Monday, 11 March 2013

Glossary of Incense


A glossary of terms related to incense - Indian, Japanese and Western, and including general terms and ingredients. Much of this has been quickly taken from several sources, including: hipforums, incenseguru, hybridelephant, incense-sticks-herbs and spraysofblossoms (contains good links).


 General

Agarbatti (or Agarbathi) - Indian term for incense sticks

Ash-catcher - a type of incense holder, usually long, flat, and curved up at one end, that catches the ash of the incense as it falls, preventing a mess. Sometimes also called an "incense boat"

Attar - an essential oil obtained from flowers - as in "Attar of roses" - rose oil

Batti (or Bathi) - bamboo sticks

Censer - a holder for charcoal blocks and granular incense. Often made of brass or another metal with legs or a base or hanging from chains

Charcoal - the charcoal used for burning granular incense is not the same as barbeque charcoal, which is only safely burned outside. Incense charcoal is "self-lighting" and safe for indoor use.

Desi Ghee - Indian clarified butter, an ingredient in dhoop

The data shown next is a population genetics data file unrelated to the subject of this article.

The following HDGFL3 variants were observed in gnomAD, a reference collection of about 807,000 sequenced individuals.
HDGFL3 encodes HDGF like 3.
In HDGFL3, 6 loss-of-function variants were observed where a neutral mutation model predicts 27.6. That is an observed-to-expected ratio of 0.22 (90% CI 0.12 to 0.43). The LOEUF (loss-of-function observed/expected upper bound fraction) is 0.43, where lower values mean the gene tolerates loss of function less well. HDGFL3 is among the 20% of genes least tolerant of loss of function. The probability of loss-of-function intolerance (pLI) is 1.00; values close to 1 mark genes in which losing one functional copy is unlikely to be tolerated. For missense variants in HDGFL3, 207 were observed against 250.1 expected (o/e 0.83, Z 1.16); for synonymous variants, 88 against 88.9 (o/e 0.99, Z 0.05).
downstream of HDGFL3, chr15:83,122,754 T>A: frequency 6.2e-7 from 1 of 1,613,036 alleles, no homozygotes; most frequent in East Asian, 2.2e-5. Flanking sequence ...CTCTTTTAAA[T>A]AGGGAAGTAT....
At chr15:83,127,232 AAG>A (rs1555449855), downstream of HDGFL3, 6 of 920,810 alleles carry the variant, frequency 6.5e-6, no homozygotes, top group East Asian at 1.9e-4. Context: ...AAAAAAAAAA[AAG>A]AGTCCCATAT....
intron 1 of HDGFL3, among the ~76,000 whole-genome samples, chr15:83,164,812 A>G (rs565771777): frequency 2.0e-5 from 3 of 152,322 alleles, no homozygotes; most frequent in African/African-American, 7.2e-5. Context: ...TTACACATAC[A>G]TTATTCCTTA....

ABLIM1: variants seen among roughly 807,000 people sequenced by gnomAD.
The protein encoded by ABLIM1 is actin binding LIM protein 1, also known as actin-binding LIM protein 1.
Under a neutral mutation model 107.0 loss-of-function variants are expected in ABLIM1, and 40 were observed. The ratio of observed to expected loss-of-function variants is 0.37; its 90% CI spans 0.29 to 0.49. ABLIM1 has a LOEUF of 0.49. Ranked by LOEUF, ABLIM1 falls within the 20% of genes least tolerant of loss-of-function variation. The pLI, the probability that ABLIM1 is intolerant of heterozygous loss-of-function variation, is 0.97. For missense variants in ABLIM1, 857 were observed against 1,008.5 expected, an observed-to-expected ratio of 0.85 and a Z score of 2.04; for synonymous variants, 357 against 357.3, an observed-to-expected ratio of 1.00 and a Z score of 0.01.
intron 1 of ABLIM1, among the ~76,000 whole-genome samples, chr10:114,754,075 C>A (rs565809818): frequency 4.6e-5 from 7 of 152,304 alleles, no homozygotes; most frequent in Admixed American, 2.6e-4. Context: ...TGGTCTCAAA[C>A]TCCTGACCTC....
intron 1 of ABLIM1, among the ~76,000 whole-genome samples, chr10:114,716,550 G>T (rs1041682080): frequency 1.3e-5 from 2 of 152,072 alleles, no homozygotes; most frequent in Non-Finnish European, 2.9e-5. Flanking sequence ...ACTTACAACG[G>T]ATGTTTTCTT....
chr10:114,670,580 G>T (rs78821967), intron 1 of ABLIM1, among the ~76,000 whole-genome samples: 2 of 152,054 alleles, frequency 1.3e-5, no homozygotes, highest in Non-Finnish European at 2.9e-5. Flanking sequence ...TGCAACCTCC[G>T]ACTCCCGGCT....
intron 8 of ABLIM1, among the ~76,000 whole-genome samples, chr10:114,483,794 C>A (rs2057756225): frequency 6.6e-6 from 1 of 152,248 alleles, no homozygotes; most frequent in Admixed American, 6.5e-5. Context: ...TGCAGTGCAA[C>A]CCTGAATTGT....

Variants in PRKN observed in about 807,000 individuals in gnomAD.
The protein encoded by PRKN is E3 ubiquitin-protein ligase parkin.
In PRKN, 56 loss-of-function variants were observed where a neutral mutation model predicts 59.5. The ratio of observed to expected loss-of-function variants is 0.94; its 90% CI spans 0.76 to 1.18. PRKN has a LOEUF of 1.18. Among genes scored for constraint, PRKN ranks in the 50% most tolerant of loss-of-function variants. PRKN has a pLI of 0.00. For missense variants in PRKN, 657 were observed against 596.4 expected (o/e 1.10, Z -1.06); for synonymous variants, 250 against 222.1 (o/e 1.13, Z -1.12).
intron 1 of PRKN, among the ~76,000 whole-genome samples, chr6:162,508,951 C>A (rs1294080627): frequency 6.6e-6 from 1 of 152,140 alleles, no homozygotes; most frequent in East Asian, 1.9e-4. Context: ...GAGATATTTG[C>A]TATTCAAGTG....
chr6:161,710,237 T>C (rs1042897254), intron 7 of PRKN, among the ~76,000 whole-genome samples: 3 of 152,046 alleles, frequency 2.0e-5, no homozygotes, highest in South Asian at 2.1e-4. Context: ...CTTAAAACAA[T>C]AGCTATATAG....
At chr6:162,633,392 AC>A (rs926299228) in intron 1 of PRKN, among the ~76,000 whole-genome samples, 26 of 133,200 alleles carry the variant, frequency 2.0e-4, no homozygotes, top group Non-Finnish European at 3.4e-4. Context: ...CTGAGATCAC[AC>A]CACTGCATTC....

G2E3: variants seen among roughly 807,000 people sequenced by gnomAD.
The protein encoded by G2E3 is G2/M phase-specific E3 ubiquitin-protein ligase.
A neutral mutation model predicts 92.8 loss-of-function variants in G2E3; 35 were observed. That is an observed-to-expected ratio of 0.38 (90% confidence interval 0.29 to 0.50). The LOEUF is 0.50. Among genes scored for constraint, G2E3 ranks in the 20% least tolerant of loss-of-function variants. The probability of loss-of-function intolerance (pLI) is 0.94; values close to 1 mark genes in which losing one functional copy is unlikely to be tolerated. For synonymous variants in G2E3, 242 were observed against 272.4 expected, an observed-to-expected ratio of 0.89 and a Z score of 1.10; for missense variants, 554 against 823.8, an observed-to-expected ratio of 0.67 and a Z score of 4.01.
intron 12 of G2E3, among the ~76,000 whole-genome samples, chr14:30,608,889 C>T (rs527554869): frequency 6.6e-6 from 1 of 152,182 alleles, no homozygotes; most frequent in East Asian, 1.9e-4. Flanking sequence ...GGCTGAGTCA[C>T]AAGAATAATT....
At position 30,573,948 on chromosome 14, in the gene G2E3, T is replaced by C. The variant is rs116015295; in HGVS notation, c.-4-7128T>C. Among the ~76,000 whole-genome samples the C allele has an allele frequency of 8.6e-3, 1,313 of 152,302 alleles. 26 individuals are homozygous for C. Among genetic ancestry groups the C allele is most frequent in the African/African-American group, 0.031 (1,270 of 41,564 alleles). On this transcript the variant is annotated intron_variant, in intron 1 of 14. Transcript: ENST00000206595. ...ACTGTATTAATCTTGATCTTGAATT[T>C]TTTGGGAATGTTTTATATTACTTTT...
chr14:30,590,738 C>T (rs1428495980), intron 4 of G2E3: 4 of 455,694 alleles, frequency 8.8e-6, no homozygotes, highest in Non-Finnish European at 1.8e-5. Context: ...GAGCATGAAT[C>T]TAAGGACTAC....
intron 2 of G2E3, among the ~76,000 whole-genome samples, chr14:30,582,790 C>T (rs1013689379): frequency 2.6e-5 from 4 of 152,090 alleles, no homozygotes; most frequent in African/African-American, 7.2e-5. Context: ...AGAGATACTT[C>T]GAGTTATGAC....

Dhoop - Indian term for an older form of incense making which is still employed in India, though is more commonly used in other Asian countries, particularity Tibet and Japan. It consists of fragrant ingredients blended with combustible material and binders in a paste form which is then shaped into logs or sticks and commonlyh allowed to dry hard, though there are some dhoops made with ghee which remain moist. Essentially dhoop is any form of incense which is not formed onto a bamboo stick. However, it is generally reserved for logs. Incense cones, for example, may be dhoop, but are usually called cones.  "Dhoop agarbatti" means dhoop rolled into stick incense, "chandan dhoop" means dhoop made from sandalwood.